Because sweat/sodium losses are so individual, any generic guidelines on the replacement of sodium and fluid should always viewed with suspicion.

How much salt you lose in your sweat is genetically determined and doesn’t vary much at all, even given factors like diet and acclimation to a new environment. This means that, whilst you can only find it out by getting Sweat Tested, you only really need to get tested once in most cases.

At Precision Hydration we have an Advanced Sweat Test, done at rest, that tells you exactly how much you lose and we combine this data with information about how you train and compete to personalise your hydration plan.

We also offer a free online Sweat Test that helps you get started with personalising your hydration strategy through some good old fashioned trial and error in training. Whilst it’s clearly not the gold standard that the Advanced Sweat Test is, it has genuine efficacy as there’s a strong correlation between how athletes perceive their sweat rate/sweat sodium concentration and reality. We know this because we submitted our data to researchers at Sheffield Hallam University and they recently had a paper published with those findings.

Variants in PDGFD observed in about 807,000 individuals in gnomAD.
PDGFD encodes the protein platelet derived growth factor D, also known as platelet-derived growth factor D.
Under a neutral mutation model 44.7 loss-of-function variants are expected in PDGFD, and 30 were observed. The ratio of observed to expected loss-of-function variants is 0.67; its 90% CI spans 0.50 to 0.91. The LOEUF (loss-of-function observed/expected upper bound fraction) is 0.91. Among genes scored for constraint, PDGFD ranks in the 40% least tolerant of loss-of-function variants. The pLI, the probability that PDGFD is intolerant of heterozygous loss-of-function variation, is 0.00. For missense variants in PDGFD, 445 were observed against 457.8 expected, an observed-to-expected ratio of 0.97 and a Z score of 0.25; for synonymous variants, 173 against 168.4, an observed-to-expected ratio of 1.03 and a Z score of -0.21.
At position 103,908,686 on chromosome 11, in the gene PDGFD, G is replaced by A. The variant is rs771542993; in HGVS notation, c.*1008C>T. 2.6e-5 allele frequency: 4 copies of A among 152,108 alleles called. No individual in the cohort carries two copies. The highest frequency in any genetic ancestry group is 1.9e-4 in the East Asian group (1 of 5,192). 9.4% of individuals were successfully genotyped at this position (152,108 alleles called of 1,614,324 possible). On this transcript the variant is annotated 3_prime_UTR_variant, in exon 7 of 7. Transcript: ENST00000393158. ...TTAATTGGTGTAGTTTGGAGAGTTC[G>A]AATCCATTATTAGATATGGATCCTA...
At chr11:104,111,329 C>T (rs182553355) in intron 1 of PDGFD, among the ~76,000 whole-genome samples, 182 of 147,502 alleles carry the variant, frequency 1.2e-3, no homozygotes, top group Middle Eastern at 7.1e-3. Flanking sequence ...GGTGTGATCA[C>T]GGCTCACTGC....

What about the other electrolytes?

Your sweat only contains small amounts of potassium, calcium, and magnesium. It’s mostly made up of water and sodium. That’s why it tastes salty and you sometimes get those white, salty marks on your kit after a sweaty workout.

These other electrolytes do have a role to play but it’s sodium that’s crucial to staying properly hydrated and, because how much we lose in our sweat varies so wildly from athlete to athlete, it’s the electrolyte that needs more consideration than the others (unless you’ve got a specific deficiency in one of those).

So, if you’re looking for ways to improve your performance this Summer, optimising your hydration strategy could be something to look at and I hope this helps.

Andy Blow

Andy Blow has a few top 10 Ironman and 70.3 finishes and an Xterra World Age Group title to his name. He founded Precision Hydration to help athletes solve their hydration issues. He has a degree in Sport and Exercise Science and was once the Team Sports Scientist for Benetton and Renault F1 teams.